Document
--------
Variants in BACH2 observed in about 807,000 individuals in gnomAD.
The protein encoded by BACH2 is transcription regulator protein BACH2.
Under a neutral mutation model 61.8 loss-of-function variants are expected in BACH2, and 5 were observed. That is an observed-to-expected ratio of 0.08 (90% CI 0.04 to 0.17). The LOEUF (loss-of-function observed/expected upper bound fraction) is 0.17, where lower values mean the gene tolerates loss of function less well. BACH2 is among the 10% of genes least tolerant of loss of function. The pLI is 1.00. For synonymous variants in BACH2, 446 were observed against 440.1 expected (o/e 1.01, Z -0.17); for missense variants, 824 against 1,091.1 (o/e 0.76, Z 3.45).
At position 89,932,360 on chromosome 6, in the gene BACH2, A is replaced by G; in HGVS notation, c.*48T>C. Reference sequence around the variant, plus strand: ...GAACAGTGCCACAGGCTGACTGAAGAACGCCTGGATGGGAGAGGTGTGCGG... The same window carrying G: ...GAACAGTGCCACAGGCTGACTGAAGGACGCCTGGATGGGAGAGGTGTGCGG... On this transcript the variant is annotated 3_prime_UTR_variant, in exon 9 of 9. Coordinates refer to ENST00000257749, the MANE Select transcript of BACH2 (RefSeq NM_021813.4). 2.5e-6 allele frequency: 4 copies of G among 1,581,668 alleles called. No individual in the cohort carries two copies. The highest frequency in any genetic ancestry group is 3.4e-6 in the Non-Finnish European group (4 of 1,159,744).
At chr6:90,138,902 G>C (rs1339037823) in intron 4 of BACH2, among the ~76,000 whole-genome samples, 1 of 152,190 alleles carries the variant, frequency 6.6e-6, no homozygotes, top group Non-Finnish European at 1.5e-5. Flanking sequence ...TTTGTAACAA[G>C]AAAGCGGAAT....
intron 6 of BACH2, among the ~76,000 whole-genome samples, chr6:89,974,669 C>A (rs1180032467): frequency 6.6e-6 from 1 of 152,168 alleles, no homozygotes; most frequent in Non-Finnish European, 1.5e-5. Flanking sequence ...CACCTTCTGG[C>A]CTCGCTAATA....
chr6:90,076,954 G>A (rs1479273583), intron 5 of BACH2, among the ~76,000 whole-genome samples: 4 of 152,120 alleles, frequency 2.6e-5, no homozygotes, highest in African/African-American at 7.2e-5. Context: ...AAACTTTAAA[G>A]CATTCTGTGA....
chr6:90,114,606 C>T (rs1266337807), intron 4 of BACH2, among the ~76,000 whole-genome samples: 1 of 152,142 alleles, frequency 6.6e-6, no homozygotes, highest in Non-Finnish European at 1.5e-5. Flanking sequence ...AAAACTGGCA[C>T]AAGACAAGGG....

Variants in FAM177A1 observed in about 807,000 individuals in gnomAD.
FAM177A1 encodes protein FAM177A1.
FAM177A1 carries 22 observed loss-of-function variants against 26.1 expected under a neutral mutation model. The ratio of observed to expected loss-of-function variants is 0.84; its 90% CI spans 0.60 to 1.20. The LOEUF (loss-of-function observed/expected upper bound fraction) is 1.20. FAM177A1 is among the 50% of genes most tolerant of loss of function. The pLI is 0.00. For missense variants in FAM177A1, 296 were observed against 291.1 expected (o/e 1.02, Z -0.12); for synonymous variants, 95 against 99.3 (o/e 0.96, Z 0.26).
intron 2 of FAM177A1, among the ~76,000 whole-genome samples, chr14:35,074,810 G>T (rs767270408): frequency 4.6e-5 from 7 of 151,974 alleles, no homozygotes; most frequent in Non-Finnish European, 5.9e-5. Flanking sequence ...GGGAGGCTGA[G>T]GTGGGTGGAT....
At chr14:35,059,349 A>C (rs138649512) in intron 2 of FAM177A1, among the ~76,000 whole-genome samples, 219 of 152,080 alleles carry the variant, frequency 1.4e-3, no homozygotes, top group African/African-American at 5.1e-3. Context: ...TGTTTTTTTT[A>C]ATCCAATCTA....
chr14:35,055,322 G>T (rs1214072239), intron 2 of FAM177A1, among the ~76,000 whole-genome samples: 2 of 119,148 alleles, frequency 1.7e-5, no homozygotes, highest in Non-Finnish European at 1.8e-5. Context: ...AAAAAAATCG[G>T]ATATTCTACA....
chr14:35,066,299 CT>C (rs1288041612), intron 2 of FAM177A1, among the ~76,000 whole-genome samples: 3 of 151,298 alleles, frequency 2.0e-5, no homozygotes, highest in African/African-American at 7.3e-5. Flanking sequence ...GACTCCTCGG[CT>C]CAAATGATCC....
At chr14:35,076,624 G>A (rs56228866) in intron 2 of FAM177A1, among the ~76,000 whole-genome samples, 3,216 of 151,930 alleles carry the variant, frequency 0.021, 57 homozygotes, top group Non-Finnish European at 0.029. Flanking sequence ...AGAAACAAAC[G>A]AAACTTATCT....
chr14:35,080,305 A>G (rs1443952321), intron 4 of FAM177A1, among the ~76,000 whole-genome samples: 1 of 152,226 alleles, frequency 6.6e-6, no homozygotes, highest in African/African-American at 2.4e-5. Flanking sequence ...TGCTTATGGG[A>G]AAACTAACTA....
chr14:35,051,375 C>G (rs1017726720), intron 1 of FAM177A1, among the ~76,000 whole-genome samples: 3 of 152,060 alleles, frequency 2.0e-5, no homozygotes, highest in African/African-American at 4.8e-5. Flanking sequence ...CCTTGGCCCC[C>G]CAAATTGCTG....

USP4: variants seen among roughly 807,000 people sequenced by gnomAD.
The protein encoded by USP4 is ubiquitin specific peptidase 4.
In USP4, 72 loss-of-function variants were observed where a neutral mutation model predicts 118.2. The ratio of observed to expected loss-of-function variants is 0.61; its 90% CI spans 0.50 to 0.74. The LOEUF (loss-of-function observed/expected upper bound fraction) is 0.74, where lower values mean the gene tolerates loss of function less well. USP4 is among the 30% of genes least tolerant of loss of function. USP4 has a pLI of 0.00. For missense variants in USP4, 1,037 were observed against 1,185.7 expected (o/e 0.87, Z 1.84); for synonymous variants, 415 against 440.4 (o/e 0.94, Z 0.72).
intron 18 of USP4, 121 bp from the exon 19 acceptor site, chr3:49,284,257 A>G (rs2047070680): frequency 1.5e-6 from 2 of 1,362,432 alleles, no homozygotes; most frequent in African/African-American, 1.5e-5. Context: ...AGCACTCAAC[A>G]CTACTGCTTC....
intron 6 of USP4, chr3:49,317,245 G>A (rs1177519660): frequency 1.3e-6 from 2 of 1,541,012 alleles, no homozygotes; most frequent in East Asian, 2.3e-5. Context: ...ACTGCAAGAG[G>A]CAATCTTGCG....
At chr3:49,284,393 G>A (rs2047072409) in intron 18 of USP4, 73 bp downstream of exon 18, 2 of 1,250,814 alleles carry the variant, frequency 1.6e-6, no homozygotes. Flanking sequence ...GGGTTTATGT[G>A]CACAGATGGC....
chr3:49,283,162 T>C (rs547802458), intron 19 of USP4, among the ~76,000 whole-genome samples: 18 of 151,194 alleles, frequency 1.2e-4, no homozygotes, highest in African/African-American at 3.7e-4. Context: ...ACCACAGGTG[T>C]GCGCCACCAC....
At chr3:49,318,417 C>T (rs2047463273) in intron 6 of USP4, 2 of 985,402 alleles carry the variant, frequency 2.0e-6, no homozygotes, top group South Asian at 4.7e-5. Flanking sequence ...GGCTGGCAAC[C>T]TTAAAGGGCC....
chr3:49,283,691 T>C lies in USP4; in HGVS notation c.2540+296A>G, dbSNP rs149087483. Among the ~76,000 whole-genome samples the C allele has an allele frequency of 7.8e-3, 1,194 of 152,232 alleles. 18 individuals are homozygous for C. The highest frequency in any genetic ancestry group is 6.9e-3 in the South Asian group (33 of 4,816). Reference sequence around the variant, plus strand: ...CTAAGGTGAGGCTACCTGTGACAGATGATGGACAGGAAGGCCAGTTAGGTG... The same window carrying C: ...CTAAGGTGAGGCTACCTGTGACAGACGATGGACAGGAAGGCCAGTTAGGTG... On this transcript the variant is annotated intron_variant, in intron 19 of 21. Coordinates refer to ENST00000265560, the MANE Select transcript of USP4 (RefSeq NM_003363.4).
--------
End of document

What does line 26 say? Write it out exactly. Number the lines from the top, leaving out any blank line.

At chr3:49,318,417 C>T (rs2047463273) in intron 6 of USP4, 2 of 985,402 alleles carry the variant, frequency 2.0e-6, no homozygotes, top group South Asian at 4.7e-5. Flanking sequence ...GGCTGGCAAC[C>T]TTAAAGGGCC....